In study published in the journal Ecology, a pair of biologists in the province of Ontario found that northern pitcher plants – also known as turtle socks – devour juvenile spotted salamanders. Carnivorous plants have a taste for salamanders, scientists find The northern pitcher plants, also known as turtle socks, devour juvenile spotted salamanders
Biologists have discovered evidence that carnivorous plants in Canada feast on young salamanders, in what is believed to be the first instance of vertebrate consumption by plants in North America.
In study published in the journal Ecology, a pair of biologists in the province of Ontario found that northern pitcher plants – also known as turtle socks – devour juvenile spotted salamanders.
M Alex Smith, a professor of biology at Guelph University first discovered a salamander in a pitcher plant accidentally: he was leading a group of university students on a field course in Ontario’s Algonquin Park. But the sighting of the small reptile in the plant felt like a “WTF moment”, Smith told the Guardian in an email.
After consulting with the park’s resident salamander expert, Patrick Moldowan, a PhD student at the University of Toronto, the two suspected Smith’s discovery might have been more than a chance sighting. After surveying pitcher plants in Algonquin, Moldowa found that 20% of plants had at least one juvenile spotted salamander in them. “The second WTF moment,” said Smith.
The pitcher plant is one of nearly 600 carnivorous plants found throughout the world. Inhabiting much of Canada and the eastern United States, the pitcher thrives in low-nutrient areas, such as bogs.
The plant is well known for its appetite of invertebrates, like spiders and other small insects – but the discovery of decomposing salamanders significantly expands the scope of what plants may be consuming – and raises numerous questions.
“Are plants a significant form of mortality for the salamanders? Are the salamanders a significant form of nutrition for the plants? Are the salamanders, in fact, not a good thing for the plants?” said Smith.
What makes the research especially tantalizing, said Smith, is that while the plants and salamanders are relatively common sightings in the park, researchers didn’t realize the deadly relationship between the two.
The remote Wildlife Research Station in Algonquin park – the province’s oldest protected area – has been active for the last 70 years.
“This crazy discovery of previously unknown carnivory of a plant upon a vertebrate happened in a relatively well-studied area on relatively well-studied plants and animals!” said Smith.
The team is testing multiple hypotheses about what lures the young salamanders into the fatal grip of the pitcher plant. One suspicion is that the salamanders accidentally fall into the plants and drown. The plants might also have a digestive enzyme that speeds up the process: researchers observed it took less than two weeks for the salamanders to decompose.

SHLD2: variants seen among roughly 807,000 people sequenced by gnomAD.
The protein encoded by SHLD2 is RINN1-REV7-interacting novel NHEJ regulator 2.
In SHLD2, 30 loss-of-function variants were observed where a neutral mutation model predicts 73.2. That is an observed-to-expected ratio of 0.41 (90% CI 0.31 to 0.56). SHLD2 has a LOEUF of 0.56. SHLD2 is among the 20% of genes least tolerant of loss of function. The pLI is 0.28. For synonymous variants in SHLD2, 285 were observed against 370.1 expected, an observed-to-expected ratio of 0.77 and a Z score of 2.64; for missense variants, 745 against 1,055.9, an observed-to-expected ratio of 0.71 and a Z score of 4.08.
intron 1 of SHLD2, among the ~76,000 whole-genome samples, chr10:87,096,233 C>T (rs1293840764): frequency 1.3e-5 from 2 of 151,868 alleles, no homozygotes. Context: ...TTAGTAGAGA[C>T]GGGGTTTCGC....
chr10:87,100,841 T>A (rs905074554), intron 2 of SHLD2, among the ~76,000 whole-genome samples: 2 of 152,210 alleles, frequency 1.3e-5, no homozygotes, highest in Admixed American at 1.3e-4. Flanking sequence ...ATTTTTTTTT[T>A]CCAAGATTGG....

“I hope and imagine that one day the general public’s interpretive pamphlet for the bog will one day say, “Stay on the board walk and watch your children – here be plants that eat vertebrates!!” said Smith.
Scientists at the University of Freiburg in Germany have for the first time characterised the snapping movement of this rare aquatic carnivorous plant, found in wetlands around the world. Aldrovanda vesiculosa snaps its “trap” shut 10 times faster than the much larger Venus flytrap, using a combination of hydraulics and the release of pre-stress to capture water fleas and possibly even tadpoles and small fish.
An example of a pitfall trap, or pitcher plant, this distinctive species, native to the western US and given its name because it resembles a striking cobra, traps insects in its tubular leaves, which can grow to nearly a metre in height. The prey is distracted by false exits – the real one is concealed – until it tires and falls into fluid at the bottom of the pitcher, where it is digested with the help of bacteria.
In the manner of flypaper, these diverse carnivorous plants, with nearly 200 species distributed across every continent except Antarctica, use sweet, sticky mucilage to lure and capture their prey. Rather than provide energy, the insects are used to supplement nutrients lacking in poor soil conditions. Trapped prey are engulfed in a web of the sticky glands and digested by enzymes.
Mosquito larvae, aquatic worms and tadpoles are among the victims of this genus, containing some 220 species of plants found in lakes, streams and waterlogged soils around the world. When prey brushes against trigger hairs, a trapdoor is activated and the prey is sucked into a hollow bladder, whereupon the door closes again – all within a few thousandths of a second.
Easy to enter but difficult to escape, due to spiralling arms with inward-pointing hairs, these plants of the genus Genlisea, found in Africa and South and Central America, are examples of so-called lobster-pot traps. The traps are underground and they draw the prey – usually minute microfauna – upwards into the body of the plant. Carnivory in corkscrew plants wasn’t proven until 1998.